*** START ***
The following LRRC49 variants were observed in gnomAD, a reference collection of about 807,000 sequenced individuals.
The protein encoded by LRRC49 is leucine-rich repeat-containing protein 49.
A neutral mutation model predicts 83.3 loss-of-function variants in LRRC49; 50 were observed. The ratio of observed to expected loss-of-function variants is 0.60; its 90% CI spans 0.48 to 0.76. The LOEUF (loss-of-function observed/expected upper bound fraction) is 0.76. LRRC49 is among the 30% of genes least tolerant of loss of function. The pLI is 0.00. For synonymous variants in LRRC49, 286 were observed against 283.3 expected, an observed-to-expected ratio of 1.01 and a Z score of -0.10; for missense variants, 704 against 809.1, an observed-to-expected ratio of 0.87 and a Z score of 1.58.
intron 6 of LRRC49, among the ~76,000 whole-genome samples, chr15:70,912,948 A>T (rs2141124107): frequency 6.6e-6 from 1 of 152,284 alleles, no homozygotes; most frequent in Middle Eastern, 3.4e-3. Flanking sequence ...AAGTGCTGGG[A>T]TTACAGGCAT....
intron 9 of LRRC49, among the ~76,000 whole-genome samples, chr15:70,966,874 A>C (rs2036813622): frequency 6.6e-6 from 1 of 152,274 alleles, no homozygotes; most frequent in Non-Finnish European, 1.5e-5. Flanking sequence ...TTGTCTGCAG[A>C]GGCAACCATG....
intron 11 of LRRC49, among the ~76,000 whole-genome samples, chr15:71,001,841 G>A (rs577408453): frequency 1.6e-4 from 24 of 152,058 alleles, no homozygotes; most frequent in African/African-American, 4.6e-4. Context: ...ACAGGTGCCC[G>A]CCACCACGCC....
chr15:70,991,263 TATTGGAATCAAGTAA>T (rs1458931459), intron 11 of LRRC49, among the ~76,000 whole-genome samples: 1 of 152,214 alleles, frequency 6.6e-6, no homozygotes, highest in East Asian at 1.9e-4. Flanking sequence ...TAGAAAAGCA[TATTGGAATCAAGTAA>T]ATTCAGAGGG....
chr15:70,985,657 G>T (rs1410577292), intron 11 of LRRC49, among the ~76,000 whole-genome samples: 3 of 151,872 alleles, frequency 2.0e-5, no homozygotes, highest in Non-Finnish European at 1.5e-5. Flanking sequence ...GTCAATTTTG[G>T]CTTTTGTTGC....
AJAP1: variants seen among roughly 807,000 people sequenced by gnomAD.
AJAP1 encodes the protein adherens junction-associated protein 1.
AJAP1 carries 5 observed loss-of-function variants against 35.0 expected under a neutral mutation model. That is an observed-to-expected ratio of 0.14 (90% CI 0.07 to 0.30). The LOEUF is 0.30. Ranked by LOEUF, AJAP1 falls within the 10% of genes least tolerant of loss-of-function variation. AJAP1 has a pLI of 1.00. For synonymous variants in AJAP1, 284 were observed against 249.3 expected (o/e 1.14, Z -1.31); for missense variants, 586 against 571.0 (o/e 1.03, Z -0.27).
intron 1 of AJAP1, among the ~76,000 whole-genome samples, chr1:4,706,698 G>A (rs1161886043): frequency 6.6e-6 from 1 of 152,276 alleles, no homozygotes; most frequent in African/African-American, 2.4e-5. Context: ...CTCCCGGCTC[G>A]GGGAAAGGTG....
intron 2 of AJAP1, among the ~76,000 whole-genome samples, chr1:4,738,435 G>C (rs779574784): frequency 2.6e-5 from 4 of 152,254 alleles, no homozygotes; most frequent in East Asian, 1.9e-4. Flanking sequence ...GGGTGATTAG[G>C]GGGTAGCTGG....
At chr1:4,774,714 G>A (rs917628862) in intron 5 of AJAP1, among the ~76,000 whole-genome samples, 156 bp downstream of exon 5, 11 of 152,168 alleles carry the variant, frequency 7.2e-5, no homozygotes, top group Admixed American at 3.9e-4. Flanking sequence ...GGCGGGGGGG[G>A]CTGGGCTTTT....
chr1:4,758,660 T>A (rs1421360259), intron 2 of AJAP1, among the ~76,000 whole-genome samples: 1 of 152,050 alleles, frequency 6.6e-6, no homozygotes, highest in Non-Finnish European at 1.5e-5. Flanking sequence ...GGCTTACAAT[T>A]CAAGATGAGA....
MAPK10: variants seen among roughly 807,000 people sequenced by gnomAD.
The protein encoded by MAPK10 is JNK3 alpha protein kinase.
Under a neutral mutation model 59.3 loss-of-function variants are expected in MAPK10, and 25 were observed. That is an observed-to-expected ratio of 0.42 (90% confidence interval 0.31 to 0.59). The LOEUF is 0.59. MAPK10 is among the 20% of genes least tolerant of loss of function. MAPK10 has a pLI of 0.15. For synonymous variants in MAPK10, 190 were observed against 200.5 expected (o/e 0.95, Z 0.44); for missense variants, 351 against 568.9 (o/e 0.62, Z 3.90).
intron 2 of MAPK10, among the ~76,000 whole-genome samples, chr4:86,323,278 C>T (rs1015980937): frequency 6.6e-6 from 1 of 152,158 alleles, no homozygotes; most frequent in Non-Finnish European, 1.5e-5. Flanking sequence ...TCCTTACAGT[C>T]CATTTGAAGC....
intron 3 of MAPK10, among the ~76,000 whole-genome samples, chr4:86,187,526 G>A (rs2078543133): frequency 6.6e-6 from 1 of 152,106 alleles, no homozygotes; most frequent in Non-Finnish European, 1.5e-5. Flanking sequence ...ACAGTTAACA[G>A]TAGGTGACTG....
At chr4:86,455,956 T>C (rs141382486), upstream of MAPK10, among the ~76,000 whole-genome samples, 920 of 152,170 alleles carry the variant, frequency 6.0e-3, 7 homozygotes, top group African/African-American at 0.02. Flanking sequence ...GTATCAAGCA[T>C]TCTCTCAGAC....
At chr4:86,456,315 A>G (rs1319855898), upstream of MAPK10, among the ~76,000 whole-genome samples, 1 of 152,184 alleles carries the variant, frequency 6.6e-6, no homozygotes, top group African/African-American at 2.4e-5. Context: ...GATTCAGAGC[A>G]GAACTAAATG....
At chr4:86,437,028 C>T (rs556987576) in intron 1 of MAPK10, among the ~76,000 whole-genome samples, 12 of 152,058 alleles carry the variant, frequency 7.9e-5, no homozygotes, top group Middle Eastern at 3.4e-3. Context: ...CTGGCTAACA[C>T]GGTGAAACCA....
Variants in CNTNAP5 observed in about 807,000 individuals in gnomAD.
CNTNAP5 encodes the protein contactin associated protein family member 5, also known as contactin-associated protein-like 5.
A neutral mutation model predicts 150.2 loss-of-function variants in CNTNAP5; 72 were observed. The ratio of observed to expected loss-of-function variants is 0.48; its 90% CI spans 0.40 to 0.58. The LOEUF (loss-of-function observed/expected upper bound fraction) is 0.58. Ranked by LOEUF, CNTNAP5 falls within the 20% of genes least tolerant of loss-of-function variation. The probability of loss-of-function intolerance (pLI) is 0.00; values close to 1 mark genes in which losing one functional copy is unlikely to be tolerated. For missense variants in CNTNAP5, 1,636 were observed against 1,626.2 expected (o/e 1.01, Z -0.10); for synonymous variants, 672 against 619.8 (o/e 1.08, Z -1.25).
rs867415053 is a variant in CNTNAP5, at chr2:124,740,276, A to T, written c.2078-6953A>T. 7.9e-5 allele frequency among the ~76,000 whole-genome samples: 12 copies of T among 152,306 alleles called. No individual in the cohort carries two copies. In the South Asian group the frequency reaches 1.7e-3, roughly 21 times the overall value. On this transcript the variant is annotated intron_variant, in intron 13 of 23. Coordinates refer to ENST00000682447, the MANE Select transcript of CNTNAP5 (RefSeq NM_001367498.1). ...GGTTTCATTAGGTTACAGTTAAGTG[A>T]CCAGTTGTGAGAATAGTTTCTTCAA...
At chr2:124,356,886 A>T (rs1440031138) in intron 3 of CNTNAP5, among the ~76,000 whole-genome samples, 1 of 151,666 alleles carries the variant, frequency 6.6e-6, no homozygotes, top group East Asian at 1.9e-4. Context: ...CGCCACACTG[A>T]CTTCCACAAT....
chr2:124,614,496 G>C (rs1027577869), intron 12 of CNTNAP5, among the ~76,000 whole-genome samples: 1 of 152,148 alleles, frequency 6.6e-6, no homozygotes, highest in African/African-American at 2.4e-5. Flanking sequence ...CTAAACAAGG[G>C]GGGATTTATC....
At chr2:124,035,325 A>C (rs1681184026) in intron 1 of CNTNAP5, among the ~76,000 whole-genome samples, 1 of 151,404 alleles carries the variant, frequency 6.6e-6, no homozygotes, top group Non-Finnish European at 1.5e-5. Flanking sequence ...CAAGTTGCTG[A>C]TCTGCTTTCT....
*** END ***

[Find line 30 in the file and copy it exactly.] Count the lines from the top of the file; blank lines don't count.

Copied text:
At chr2:124,035,325 A>C (rs1681184026) in intron 1 of CNTNAP5, among the ~76,000 whole-genome samples, 1 of 151,404 alleles carries the variant, frequency 6.6e-6, no homozygotes, top group Non-Finnish European at 1.5e-5. Flanking sequence ...CAAGTTGCTG[A>C]TCTGCTTTCT....